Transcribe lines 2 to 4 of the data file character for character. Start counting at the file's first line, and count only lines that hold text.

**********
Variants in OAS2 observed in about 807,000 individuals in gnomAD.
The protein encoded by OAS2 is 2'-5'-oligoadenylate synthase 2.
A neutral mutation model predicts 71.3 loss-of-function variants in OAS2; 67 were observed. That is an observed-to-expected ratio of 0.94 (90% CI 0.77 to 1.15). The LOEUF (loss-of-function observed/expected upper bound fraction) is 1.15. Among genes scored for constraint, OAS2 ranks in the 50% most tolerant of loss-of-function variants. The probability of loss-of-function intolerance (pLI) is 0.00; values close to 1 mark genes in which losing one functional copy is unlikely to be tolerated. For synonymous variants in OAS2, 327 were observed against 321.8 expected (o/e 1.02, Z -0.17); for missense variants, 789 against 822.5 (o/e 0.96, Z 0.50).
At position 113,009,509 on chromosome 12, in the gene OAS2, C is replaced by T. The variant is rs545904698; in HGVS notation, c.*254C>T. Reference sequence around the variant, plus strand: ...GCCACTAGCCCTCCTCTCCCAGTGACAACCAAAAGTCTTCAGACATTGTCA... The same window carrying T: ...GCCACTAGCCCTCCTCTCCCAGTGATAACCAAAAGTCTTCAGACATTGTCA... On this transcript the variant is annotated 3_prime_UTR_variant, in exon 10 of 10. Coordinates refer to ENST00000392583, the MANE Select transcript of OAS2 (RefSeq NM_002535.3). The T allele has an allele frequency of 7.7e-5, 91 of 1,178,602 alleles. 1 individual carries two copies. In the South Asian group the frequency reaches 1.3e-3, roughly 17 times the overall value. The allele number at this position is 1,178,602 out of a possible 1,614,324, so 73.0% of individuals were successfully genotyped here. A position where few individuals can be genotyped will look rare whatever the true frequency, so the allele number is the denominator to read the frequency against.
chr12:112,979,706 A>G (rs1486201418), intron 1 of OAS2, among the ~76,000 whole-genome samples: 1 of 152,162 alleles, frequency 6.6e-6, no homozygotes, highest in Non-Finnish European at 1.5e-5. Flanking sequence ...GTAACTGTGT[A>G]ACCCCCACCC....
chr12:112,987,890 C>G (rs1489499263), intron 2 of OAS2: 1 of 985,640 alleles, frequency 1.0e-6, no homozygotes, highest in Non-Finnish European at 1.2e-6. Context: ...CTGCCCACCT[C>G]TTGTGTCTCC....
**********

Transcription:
The protein encoded by OAS2 is 2'-5'-oligoadenylate synthase 2.
A neutral mutation model predicts 71.3 loss-of-function variants in OAS2; 67 were observed. That is an observed-to-expected ratio of 0.94 (90% CI 0.77 to 1.15). The LOEUF (loss-of-function observed/expected upper bound fraction) is 1.15. Among genes scored for constraint, OAS2 ranks in the 50% most tolerant of loss-of-function variants. The probability of loss-of-function intolerance (pLI) is 0.00; values close to 1 mark genes in which losing one functional copy is unlikely to be tolerated. For synonymous variants in OAS2, 327 were observed against 321.8 expected (o/e 1.02, Z -0.17); for missense variants, 789 against 822.5 (o/e 0.96, Z 0.50).
At position 113,009,509 on chromosome 12, in the gene OAS2, C is replaced by T. The variant is rs545904698; in HGVS notation, c.*254C>T. Reference sequence around the variant, plus strand: ...GCCACTAGCCCTCCTCTCCCAGTGACAACCAAAAGTCTTCAGACATTGTCA... The same window carrying T: ...GCCACTAGCCCTCCTCTCCCAGTGATAACCAAAAGTCTTCAGACATTGTCA... On this transcript the variant is annotated 3_prime_UTR_variant, in exon 10 of 10. Coordinates refer to ENST00000392583, the MANE Select transcript of OAS2 (RefSeq NM_002535.3). The T allele has an allele frequency of 7.7e-5, 91 of 1,178,602 alleles. 1 individual carries two copies. In the South Asian group the frequency reaches 1.3e-3, roughly 17 times the overall value. The allele number at this position is 1,178,602 out of a possible 1,614,324, so 73.0% of individuals were successfully genotyped here. A position where few individuals can be genotyped will look rare whatever the true frequency, so the allele number is the denominator to read the frequency against.